Voices of Faith offers perspectives from religion columnists. This week’s question: What New Testament scene would you most like to have witnessed?
Cast the first stone
The Rev. Penny Ellwood, United Methodist Resurrection, Leawood, Kan.:
I’ve been thinking about all the stories I would have liked to witness: Jesus raising Lazarus, the feeding of the 5,000, Mary at the tomb. There are so many I would love to have witnessed, and some I’d never want to see.
One I’ve often wondered about comes from the gospel of John, in the first 11 verses from Chapter 8. Jesus is teaching in the temple when the scribes bring in a woman caught in the “very act” of adultery.
First, I would have the chance to hear Jesus’ teaching. Second, the opportunity to witness how he dealt with conflict when his adversaries tried to trap him by challenging his knowledge of the law.
To see how Jesus first refused to engage and then returned the challenge by subtlety questioning the scribes’ own actions and relationship to the law in his call to have the one without sin cast the first stone.
I would see how Jesus reacted to winning. I could bear witness to his exasperation at the lack of compassion expressed for God’s people. I would get to see how Jesus offered forgiveness and compassion to one who had sinned.
How he treated the second class and marginalized of his day, in particular, a woman of my own making. How he offered her the opportunity for a new life.
I can imagine watching his face and how he might have gently reassured her.
And finally, I would have a chance to know, once and for all, what Jesus bent down and wrote on the ground with his finger as he tried to refuse engagement in their trap.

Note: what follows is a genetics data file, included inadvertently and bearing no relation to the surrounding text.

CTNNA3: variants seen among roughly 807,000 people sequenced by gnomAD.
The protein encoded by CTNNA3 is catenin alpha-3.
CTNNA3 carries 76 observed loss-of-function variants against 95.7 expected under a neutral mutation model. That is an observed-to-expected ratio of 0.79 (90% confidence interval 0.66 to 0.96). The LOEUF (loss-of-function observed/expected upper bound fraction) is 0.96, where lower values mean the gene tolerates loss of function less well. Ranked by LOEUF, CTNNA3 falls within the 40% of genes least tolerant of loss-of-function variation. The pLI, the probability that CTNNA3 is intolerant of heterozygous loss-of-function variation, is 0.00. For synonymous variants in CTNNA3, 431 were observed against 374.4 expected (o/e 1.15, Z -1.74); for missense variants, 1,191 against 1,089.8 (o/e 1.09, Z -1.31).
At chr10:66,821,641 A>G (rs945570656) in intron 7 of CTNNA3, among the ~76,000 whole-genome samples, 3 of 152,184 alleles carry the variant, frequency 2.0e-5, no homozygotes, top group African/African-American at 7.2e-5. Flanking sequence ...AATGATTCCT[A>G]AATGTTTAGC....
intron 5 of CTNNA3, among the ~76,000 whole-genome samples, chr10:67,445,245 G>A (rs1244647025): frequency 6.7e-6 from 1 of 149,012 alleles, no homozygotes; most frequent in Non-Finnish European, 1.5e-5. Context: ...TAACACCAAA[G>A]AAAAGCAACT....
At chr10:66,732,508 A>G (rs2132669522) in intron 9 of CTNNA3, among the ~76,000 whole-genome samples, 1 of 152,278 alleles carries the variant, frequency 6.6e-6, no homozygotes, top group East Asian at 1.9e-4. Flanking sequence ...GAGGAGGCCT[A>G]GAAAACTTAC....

The Rev. Raymond Davis Jr., founder of the Greater Corinthian Church of the Christ, Kansas City, Mo. There is one New Testament scene that is recorded all four Gospels – the Resurrection of Jesus Christ.
I would choose to have been there, a part of the group that were real-life witnesses to the empty sepulcher, when the women and the disciples found that Jesus had risen.
Why I chose this scene as a wish to be witness is because of the connecting circumstances that encourage a Christian to a fulfilling moment. Jesus had predicted his own death and a most critical circumstance of rising from the dead.
To be a faithful hearer of the words spoken as Jesus spoke the Resurrection, we would be careful to consider his message and engage ourselves to the words.
Consider what the women at the tomb were told about the crucified Christ: “Why seek ye the living among the dead? He is not here, but is risen. Remember how He spake unto you saying … the Son of Man must be delivered into the hands of sinful men, and be crucified, and the third day rise again. And they remembered His words (Luke 24:5-7).
I wasn’t there in body, but yet I believe in the words spoken in the Gospels.
A prime topic of truth used by Christ and respected is – “It is written.”
The Resurrection was spoken, then written because it happened.
The Charlotte Observer welcomes your comments on news of the day. The more voices engaged in conversation, the better for us all, but do keep it civil. Please refrain from profanity, obscenity, spam, name-calling or attacking others for their views.
Have a news tip? You can send it to a local news editor; email email@example.com to send us your tip - or - consider joining the Public Insight Network and become a source for The Charlotte Observer.Read moreRead less